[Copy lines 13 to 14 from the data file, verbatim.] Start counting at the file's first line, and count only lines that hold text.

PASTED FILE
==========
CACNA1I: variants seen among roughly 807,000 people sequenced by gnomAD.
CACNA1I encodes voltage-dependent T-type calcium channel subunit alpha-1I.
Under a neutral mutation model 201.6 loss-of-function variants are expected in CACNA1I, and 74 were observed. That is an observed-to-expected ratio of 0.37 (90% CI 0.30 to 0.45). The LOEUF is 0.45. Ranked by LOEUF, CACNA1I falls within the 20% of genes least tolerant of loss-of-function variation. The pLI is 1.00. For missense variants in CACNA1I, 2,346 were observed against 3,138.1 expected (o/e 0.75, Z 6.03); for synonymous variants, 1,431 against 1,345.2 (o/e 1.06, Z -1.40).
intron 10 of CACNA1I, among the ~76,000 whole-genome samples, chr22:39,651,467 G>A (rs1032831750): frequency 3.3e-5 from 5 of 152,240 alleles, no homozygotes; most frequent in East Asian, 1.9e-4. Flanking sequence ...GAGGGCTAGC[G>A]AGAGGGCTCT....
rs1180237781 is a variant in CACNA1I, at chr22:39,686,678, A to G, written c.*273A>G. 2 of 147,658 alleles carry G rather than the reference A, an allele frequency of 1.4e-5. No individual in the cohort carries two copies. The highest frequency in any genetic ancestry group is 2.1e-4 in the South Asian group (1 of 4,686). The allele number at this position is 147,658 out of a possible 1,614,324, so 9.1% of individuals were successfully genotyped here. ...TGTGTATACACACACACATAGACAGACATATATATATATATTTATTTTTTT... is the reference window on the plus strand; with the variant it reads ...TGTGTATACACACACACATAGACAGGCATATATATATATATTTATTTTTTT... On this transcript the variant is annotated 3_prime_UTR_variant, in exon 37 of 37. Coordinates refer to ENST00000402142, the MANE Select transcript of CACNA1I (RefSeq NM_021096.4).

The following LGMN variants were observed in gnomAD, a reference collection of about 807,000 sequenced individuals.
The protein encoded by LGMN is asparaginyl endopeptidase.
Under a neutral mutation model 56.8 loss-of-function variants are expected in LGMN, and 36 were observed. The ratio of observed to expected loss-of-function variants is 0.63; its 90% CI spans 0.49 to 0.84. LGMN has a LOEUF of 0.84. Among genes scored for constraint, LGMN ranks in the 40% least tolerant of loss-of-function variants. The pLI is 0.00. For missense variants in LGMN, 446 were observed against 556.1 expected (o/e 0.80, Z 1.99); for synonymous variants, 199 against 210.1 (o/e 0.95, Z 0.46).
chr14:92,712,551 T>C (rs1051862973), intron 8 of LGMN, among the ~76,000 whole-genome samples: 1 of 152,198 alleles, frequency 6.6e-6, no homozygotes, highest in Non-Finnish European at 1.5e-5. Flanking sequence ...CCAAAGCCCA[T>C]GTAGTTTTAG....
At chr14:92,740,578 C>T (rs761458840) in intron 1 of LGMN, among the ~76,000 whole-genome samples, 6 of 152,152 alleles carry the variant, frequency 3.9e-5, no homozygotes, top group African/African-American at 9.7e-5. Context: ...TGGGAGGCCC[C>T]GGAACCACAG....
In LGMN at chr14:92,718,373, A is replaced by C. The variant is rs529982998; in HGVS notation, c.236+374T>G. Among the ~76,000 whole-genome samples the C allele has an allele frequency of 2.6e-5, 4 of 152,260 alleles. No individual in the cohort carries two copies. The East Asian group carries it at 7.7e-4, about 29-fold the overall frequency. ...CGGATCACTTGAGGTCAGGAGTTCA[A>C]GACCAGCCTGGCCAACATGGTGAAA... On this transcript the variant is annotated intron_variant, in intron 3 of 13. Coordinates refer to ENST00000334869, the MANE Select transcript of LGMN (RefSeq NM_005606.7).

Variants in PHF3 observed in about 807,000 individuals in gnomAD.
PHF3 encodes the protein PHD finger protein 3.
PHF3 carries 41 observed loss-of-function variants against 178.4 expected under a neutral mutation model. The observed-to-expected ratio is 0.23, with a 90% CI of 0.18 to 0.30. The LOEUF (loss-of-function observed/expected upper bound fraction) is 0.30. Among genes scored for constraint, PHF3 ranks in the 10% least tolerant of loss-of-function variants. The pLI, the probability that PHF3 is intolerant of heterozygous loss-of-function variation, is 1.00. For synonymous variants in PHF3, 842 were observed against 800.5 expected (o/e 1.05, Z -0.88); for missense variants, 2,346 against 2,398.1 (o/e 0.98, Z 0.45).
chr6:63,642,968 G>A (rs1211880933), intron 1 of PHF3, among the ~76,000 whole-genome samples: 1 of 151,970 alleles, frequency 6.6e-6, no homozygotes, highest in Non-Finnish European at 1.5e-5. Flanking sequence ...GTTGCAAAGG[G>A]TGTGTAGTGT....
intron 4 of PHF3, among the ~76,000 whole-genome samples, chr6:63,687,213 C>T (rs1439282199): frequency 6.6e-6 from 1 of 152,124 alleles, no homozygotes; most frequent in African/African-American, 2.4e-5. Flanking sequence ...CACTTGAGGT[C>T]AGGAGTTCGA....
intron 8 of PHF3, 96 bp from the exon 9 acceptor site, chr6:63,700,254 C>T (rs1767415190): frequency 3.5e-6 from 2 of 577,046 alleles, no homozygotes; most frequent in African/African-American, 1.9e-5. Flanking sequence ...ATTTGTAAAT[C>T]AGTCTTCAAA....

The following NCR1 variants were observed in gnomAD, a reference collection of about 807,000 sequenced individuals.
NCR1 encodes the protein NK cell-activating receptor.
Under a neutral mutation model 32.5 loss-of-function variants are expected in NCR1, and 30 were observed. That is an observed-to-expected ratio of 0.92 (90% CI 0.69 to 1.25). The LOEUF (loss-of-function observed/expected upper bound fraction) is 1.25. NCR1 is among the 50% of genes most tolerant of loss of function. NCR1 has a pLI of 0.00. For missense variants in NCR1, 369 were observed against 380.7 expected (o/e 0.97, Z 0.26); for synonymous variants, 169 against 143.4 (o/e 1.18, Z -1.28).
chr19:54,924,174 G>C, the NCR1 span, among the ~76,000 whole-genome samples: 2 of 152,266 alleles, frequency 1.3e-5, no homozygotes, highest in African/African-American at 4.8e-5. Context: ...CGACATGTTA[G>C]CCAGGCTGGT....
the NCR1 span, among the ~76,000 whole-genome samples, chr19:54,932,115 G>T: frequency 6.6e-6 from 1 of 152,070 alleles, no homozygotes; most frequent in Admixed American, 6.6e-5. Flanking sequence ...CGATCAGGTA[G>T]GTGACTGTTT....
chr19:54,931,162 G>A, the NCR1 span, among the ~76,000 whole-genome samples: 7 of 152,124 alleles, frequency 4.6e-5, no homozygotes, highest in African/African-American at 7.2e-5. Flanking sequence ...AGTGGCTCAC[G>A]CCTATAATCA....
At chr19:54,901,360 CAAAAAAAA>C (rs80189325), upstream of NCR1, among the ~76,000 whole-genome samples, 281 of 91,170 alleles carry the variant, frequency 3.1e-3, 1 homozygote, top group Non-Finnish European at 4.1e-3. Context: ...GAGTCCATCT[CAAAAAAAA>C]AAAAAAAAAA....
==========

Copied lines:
PHF3 encodes the protein PHD finger protein 3.
PHF3 carries 41 observed loss-of-function variants against 178.4 expected under a neutral mutation model. The observed-to-expected ratio is 0.23, with a 90% CI of 0.18 to 0.30. The LOEUF (loss-of-function observed/expected upper bound fraction) is 0.30. Among genes scored for constraint, PHF3 ranks in the 10% least tolerant of loss-of-function variants. The pLI, the probability that PHF3 is intolerant of heterozygous loss-of-function variation, is 1.00. For synonymous variants in PHF3, 842 were observed against 800.5 expected (o/e 1.05, Z -0.88); for missense variants, 2,346 against 2,398.1 (o/e 0.98, Z 0.45).